Lou DiBella and his partner Damon Dash will continue to keep New York City club boxing alive with their latest installment of Broadway Boxing tonight, Thursday, August 4, 2005, at the Grand Ballroom of the Manhattan Center, which is located at the corner of West 34th Street and 8th Avenue.

Headlining what should be an action-packed show is undefeated super middleweight Jaidon Codrington, who has stopped all eight of his opponents in sensational fashion. A native of Bridgeport, Connecticut, who now lives and fights out of Queens, New York, Codrington will take on the more experienced Levan Easley, 17-11-2 (8 KOs), also of Queens. At stake is the New York State super middleweight title.

DiBella has high hopes for Codrington, who is as explosive and exciting as undefeated middleweight John Duddy, another red-hot New York-based prospect. He hopes that Codrington will continue his knockout streak, so he can start fighting eight- and ten-rounders and garner more television exposure.

“Jaidon is perfectly suited for television,” said DiBella. “As we saw his last time out, against the more experienced Etienne Whitaker (who Codrington stopped in the first round), he’s a punching machine. You can’t help but have high hopes for him. He’s the total package.”

Another super middleweight knockout artist on the card is Curtis Stevens, 7-0 (6 KOs), of Brooklyn. He goes against another undefeated Brooklyn product, Jason Quick, 4-0-1 (3 KOs), who is employed at the Bronx plant of the New York Post.

Stevens and Codrington, who are best friends outside of the ring, were tabbed with the label “Chin Checkers” because of their propensity to knock opponents out with aplomb. While often fighting on the same cards, they would make personal bets to see who could stop their opponents quicker. It will be interesting to see if Stevens, who was taken for the distance for the first time in his career against veteran trial horse Shannon Miller on April 28, will be able to make quick work of Quick.

A special attraction will feature junior welterweight contender Emmanuel Clottey of the Bronx via Ghana. He is scheduled to take on Marteze Logan, 20-16-2 (5 KOs) of Covington, Tennessee. When Clottey is at his best, he is very, very good. The highlight of his career was scoring a dramatic come-from-behind, 10th round knockout of previously undefeated 2000 Olympic gold medalist Muhammad Abdullaev in June 2003. In his last outing he scored a unanimous ten-round decision over Michael Warrick, who won over local fans in two seesaw battles against Jeffrey Resto of the Bronx, and is never in a bad fight.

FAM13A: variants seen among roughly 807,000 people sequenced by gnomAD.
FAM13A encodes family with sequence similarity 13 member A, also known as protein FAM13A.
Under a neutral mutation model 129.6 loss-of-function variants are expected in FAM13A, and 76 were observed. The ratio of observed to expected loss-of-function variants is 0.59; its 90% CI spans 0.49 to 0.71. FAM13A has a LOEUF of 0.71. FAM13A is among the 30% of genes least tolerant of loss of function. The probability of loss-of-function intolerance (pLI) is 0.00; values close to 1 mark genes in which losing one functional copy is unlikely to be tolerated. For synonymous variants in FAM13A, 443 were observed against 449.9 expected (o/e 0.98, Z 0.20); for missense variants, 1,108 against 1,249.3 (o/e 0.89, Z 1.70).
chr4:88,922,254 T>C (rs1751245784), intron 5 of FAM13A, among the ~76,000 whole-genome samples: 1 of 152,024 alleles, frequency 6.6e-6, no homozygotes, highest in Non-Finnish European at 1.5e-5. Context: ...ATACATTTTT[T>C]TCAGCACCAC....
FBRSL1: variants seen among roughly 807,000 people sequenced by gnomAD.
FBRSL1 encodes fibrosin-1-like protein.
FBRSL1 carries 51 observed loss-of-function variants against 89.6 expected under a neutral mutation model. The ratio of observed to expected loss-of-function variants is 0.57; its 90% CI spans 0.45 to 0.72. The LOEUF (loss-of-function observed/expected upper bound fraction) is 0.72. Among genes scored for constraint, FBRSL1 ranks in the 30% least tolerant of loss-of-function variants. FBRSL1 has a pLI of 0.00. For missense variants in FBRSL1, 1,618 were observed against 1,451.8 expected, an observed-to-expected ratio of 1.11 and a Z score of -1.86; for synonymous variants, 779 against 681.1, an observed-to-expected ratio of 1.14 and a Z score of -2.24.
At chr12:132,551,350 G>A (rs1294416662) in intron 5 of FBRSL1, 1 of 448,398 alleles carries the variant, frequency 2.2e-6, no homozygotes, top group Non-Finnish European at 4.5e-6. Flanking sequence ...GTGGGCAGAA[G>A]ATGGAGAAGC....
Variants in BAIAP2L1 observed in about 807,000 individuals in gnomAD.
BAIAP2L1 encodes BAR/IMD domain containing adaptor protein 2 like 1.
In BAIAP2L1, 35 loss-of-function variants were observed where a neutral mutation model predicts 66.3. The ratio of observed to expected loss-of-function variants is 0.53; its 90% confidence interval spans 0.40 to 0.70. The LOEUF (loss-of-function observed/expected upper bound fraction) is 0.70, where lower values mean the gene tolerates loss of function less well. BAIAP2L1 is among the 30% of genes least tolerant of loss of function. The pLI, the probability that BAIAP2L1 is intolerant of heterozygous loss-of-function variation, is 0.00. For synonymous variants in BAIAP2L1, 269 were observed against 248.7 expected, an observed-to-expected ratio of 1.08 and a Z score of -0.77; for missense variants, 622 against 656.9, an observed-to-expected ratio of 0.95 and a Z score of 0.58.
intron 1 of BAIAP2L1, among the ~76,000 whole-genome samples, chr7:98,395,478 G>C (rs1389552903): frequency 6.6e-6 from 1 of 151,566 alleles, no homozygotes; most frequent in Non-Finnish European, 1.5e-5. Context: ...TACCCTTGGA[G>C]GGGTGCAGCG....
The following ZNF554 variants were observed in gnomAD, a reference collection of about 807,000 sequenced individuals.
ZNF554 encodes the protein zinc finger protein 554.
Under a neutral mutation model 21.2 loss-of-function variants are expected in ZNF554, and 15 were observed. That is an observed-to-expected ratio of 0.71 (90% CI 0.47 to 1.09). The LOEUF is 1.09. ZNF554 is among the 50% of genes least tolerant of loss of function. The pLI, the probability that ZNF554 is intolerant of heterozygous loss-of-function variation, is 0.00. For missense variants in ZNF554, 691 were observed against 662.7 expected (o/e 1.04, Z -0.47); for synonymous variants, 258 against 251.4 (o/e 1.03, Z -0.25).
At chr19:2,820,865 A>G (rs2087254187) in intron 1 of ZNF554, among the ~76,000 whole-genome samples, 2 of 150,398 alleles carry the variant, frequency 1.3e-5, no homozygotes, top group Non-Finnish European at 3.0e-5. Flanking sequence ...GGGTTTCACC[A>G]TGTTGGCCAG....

This will be DiBella’s first show since his middleweight protégé Jermain Taylor captured the undisputed middleweight championship of the world from Bernard Hopkins in July. As is DiBella’s custom, he seems as excited by the prospect of these “little” bouts as he does by the bigger ones he is involved in. Since going into business with Dash, who co-founded Rock-A-Wear clothing and the Rock-A-Fella record label, the duo have been attracting increasingly bigger and more boisterous and enthusiastic crowds. Bouts at this venue have provided no shortage of fireworks and is grassroots boxing at its very best.

DiBella has over 20 fighters currently under contract, and they represent all the best that New York City—which is universally regarded as the capitol of the world—has to offer. Included among them are the Italian-American junior welterweight prospect Paulie Malignaggi, Dmitriy Salita and Yuri Foreman, who are immigrants from Ukraine and Israel respectively, Clottey from Ghana, Sechew Powell from Jamaica, Raymond Joval of the Netherlands, and Leavander Johnson, Codrington and Stevens, all of whom are African-American.

Being a New Yorker through and through, DiBella knows how to utilize ethnicity to capture the imagination of a wide array of fans. All you have to do is view the diversity of the crowds at these shows to realize that what former mayor David Dinkins once described as “New York’s gorgeous mosaic” is alive, well, and thriving in the Big Apple.

Also scheduled to appear on the August 4 show are Ehinomen “Hino” Ehikhamenor, a native of Nigeria who fights out of Queens. He will face “Punchin” Pat Nwamu, 9-1 (3 KOs) of the Bronx for the vacant New York State cruiserweight title. In addition, middleweight James Moore of Ireland squares off against Gabriel Garcia in a battle between debutants.

Tickets are priced from $35 to $100 and can be ordered by calling DiBella Entertainment at 212-947-2577. Doors open at 6:00 P.M. and the fists start flying at 7:00 P.M.